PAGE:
Before I get into the technical details of single sign-on, take a quick look at some of the benefits and some of the risks. Benefits include the following:

• Improved user productivity. Users are no longer bogged down by multiple logins and they are not required to remember multiple IDs and passwords. Also, support personnel answer fewer requests to reset forgotten passwords.

• Improved developer productivity. SSO provides developers with a common authentication framework. In fact, if the SSO mechanism is independent, then developers don’t have to worry about authentication at all. They can assume that once a request for an application is accompanied by a username, then authentication has already taken place.

• Simplified administration. When applications participate in a single sign-on protocol, the administration burden of managing user accounts is simplified. The degree of simplification depends on the applications since SSO only deals with authentication. So, applications may still require user-specific attributes (such as access privileges) to be set up.

Some of the more frequently mentioned problems with single sign-on include the following:

• Difficult to retrofit. An SSO solution can be difficult, time-consuming, and expensive to retrofit to existing applications.

• Unattended desktop. Implementing SSO reduces some security risks, but increases others. For example, a malicious user could gain access to a user’s resources if the user walks away from his machine and leaves it logged in. Although this is a problem with security in general, it is worse with SSO because all authorized resources are compromised. At least with multiple logons, the user may only be logged into one system at the time and so only one resource is compromised.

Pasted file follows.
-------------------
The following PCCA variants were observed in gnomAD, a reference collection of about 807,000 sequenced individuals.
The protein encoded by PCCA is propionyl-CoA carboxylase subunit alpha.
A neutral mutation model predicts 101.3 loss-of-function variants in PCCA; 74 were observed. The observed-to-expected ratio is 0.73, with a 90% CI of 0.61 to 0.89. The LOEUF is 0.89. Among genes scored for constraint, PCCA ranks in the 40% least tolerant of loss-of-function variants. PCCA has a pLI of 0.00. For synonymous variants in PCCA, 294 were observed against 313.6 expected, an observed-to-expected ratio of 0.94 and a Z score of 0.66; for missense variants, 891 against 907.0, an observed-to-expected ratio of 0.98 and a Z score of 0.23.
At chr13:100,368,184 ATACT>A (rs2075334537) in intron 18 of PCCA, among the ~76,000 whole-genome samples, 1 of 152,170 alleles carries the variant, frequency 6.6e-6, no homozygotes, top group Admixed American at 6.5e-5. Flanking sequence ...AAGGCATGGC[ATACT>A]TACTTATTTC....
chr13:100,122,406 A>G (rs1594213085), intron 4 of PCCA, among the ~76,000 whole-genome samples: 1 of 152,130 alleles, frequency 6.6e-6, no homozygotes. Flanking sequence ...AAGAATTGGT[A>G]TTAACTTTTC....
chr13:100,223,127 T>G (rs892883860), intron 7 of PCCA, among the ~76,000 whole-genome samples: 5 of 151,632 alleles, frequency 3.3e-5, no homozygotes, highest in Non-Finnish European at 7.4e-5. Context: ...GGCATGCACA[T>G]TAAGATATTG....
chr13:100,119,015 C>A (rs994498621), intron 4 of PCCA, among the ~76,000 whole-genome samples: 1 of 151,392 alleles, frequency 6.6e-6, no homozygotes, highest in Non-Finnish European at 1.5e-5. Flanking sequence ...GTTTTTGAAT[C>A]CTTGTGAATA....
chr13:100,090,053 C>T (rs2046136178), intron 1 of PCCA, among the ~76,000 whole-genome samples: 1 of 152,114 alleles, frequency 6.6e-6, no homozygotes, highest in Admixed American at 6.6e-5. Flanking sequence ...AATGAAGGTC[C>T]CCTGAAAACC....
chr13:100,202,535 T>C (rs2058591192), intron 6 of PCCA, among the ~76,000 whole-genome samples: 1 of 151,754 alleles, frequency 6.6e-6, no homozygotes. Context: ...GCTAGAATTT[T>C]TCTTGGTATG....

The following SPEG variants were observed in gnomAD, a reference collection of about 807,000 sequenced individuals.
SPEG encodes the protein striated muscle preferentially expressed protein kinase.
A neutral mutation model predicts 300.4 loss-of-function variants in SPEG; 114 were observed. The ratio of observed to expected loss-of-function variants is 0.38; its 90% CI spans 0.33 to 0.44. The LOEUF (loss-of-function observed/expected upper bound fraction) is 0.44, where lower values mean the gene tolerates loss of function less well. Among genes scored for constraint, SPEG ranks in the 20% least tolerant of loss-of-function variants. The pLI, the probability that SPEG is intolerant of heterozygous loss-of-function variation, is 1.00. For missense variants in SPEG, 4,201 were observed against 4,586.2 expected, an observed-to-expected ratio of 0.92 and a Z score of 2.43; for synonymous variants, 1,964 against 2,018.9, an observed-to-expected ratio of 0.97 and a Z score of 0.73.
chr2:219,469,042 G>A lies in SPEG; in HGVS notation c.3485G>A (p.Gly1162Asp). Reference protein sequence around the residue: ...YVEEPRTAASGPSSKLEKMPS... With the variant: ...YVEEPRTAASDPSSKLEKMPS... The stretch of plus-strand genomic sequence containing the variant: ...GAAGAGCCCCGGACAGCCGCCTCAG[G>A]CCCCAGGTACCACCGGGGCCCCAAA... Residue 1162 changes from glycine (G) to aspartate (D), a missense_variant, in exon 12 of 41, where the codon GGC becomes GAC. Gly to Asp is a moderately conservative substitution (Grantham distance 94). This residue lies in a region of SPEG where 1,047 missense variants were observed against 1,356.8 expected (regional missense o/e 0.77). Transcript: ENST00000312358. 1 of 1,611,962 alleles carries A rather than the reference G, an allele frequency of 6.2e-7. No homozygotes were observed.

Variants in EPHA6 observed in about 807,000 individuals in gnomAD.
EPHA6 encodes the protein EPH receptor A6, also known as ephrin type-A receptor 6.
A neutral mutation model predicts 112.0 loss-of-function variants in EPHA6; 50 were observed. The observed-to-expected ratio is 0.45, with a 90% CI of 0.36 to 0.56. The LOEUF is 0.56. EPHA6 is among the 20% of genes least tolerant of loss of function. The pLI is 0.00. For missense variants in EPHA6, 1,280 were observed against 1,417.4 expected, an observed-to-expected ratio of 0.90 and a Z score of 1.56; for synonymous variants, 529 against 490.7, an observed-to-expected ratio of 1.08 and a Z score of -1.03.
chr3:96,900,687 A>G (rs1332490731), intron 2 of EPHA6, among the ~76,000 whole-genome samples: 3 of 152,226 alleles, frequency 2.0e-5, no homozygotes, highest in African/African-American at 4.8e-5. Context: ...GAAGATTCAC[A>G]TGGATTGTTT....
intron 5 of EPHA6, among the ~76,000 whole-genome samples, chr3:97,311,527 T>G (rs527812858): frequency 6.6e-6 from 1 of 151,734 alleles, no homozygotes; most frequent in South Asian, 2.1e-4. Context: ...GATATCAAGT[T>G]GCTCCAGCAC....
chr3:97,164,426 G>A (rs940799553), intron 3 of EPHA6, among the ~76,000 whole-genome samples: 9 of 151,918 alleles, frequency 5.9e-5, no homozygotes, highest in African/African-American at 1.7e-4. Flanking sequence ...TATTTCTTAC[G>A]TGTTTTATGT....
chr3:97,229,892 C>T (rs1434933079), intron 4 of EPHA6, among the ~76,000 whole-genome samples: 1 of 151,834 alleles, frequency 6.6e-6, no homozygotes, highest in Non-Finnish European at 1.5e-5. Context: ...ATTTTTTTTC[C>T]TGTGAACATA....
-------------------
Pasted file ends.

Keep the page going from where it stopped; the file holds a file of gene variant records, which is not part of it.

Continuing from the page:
• Single point of attack. With single sign-on, a single, central authentication service is used by all applications. This is an attractive target for hackers who may decide to carry out a denial of service attack.

So, SSO is not without its disadvantages, but I believe the advantages from a viewpoint of users, administrators, and developers can outweigh those disadvantages.

SSO open source projects

As I mentioned in the introduction, I am currently building a Web portal for an educational institution. This portal will provide an online learning environment for students enrolled in distance-education courses.

The building blocks of the portal are already in place. The site exists, course content has been developed, a virtual learning environment is in place, and productivity applications (such as diaries, calendars, email, and notebooks) have been built or acquired. All of these components are already in use by full-time students and each application runs on its own server.